Moving to Japan
Cold jungle

Gee whiz

Gee2 Jim Gee loves video games because they're fun. That's the first thing you should know about one of the nation's leading voices for school reform and the foremost scholar on games and the lessons they have to teach us about learning and literacy. Of course, games are more than just fun (and "fun" is a big little word), but fun is where we start.

Gee visited Wabash College, where I teach, for three days last week and met with all comers: students, faculty, administrators, writing tutors...and, of course, gamers who simply wanted to shoot the breeze about games.

He's a 60-year-old whirlwind of erudite passion; an evangelist, of sorts, who believes that if we don't change the way we teach our kids soon, the world is headed to a very dark place. Games aren't the answer (and he spends a fair amount of time dispelling misconceptions of his work), but they do help point the way toward a system of engaged learning that clearly works, and he has loads of persuasive data to prove it.

Gee is a voracious gamer. His eyes light up when he talks about them, and he peppers his lectures and casual conversation with references to games that taught him to sit up and pay attention to this extraordinarily powerful and persuasive form of communication - games like Deus Ex and System Shock. And he points to games like Portal, Civ IV, and World of Goo to suggest that many of today's games are pedagogically more progressive and effective than the teaching found in most public schools.

Gee enjoys provoking listeners to examine their assumptions. He began his public lecture by asserting that Plato distrusted writing and would, perhaps, have preferred video games. "(Plato) had two major criticisms of writing in general. First, he believed that people learn through dialogue and through interaction, which is something writing is inherently unable to provide. Second, writing can get away from you, it can be interpreted in ways you didn't mean. You can't protect it. I feel that way about my writing at times." He went on to explore the interactive nature of games and noted, "Video games should be like a good conversation; they should talk back and interact with you, and that's how you learn from them."

On the other hand, Gee noted, players can mod many games, altering the "conversation" and even replacing the creator's content. Plato might not have liked that so much. :-)

The very best games, Gee observed, are extraordinarly effective teachers. He recalled reading the manual for Deus Ex and finding himself utterly flummoxed. The text read like gibberish, and nothing made sense to him. But when he played the game, he discovered the game itself taught him how to play, and it did so elegantly and efficiently. The game taught him what he needed to know at precisely the times he needed to know it, and his learning was immediately put to the test. The game itself assessed that learning and incentivized improvement. Later, when he picked up the manual, everything made sense to him. A surprisingly complex system was contextualized, and the manual elaborated and reinforced his in-game experience.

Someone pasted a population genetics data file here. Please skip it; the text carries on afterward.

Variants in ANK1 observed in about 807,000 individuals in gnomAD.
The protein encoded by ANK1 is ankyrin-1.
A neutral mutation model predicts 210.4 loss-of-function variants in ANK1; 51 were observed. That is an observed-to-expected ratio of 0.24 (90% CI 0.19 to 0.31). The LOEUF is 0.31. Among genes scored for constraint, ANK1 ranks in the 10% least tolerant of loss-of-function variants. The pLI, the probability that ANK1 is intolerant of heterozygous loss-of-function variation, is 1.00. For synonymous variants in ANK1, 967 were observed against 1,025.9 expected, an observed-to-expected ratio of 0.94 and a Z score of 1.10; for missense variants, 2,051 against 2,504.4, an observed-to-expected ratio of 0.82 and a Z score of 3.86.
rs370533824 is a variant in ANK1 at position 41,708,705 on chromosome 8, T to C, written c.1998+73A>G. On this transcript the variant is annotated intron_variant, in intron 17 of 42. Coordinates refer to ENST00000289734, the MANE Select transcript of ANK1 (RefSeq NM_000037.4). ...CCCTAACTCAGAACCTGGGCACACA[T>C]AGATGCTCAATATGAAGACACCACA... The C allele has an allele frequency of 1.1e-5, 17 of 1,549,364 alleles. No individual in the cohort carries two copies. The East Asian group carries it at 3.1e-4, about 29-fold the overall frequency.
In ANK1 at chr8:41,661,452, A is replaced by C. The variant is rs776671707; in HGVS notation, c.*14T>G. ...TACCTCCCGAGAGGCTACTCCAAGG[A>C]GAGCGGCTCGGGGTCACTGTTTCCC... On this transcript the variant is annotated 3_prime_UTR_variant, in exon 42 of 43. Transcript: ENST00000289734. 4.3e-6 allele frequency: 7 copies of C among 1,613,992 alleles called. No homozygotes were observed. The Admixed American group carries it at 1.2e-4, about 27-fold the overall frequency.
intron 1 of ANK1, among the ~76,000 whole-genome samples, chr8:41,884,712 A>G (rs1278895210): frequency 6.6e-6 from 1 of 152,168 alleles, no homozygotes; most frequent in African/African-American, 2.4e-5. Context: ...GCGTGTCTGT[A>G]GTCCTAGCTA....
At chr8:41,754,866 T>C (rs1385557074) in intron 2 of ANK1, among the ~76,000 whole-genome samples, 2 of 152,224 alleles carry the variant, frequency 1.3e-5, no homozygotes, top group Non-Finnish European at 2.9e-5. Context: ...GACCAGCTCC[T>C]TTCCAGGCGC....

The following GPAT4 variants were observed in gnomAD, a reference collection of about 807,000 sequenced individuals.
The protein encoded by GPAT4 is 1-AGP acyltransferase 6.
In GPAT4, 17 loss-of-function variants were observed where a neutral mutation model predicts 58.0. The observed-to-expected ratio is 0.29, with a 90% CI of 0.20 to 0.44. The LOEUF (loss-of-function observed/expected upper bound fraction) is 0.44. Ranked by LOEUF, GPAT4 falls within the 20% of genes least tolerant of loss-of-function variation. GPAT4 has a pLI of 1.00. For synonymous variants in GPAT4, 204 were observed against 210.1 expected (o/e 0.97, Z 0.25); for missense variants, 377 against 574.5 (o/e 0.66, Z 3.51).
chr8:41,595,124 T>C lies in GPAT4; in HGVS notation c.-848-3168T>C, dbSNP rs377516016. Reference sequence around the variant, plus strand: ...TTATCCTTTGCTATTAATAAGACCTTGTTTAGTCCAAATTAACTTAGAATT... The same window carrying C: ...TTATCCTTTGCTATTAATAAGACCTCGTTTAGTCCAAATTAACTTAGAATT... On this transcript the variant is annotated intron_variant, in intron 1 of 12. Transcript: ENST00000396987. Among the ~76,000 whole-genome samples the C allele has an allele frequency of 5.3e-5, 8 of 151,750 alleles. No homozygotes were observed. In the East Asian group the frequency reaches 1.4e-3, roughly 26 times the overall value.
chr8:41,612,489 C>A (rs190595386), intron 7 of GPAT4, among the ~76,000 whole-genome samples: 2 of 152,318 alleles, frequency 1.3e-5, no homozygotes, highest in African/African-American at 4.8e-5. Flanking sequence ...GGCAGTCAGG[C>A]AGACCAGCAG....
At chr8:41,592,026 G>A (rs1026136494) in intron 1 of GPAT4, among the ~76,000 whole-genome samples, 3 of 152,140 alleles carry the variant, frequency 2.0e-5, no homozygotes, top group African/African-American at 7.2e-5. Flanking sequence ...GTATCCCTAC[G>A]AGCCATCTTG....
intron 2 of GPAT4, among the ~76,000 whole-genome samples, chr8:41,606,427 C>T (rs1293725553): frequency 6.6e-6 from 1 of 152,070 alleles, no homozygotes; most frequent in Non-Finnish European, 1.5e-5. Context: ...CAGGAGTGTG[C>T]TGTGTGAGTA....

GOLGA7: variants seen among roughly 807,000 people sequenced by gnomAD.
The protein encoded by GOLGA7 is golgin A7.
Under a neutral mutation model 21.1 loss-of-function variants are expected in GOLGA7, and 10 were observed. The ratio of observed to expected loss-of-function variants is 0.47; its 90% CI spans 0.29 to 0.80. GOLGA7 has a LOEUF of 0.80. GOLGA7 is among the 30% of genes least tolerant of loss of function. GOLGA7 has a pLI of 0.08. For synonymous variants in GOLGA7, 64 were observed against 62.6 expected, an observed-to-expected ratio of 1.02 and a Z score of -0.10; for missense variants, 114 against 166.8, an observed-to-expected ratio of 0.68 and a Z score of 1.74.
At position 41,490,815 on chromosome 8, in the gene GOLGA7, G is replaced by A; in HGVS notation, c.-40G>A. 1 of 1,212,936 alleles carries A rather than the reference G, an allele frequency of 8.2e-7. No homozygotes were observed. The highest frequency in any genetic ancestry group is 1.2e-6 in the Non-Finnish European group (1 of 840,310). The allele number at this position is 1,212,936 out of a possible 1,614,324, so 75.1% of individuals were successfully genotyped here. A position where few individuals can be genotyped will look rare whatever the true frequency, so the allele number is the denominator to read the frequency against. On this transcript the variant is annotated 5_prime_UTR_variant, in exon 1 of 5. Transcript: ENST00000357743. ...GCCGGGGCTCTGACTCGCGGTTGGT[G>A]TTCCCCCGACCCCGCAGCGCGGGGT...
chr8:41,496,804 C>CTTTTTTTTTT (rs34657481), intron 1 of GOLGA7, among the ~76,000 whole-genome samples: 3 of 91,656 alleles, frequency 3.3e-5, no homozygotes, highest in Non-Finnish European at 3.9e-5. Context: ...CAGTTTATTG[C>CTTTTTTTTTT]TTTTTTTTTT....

Gee claims we reverse this system to the detriment of our students. We say "read this textbook," and then we test students or try to illustrate its contents with exercises or experiments. Students have little motivation to read when they see no personal or practical motivation for doing so. Smart kids and teenagers, many of whom are marginal or failing students in public schools, are able to process complex systems of information in games like
Pokémon and World of Warcraft because they see a connection between learning and meaningful progress (Gee calls this "empathy for a complex system"). What's more, this kind of learning sticks; it doesn't evaporate after the exam.

Gee believes the form of schooling that dominates American public education, which privileges people who know a lot of facts but can't solve problems with them, is on its last legs. Video games offer a way of thinking about teaching that effectively combines learning and assessment. Gee addresses the subject like this:

All a video game is, is problem solving. If you think about it, in some weird way, a video game is just an assessment. All you do is get assessed every moment as you try to solve problems, and if you don't solve it, the game says "You've failed" and "Try again," and then you solve it and you have a boss, which is a test, and you pass the test.

I mean, games essentially are a form of assessment - the thing that is the most painful, ludicrous part of schooling - but in a video game it's fun because it's handled in a very different way.

Games don't separate learning from assessment. They don't say "Learn some stuff, and then later we'll take a test." They're giving you feedback all the time about the learning curve that you're on. So, they're not the only solution to this problem by any means, but they're a part of the solution of getting kids in school to learn not just knowledge as facts, but knowledge as something you produce; and in the modern world you produce it collaboratively.

I'm terribly grateful to Jim Gee for sharing his ideas with me, my colleagues, and students here. This wasn't one of those arrive, lecture, depart sort of visits. He graciously devoted himself to us, visiting classes, sharing meals - including a wonderful dinner with my RPG seminar students - and generally lighting a fire I hope we'll kindle for a long time to come.

If you'd like to see and hear Gee discuss his ideas in more detail, I recommend this recent interview on Edutopia.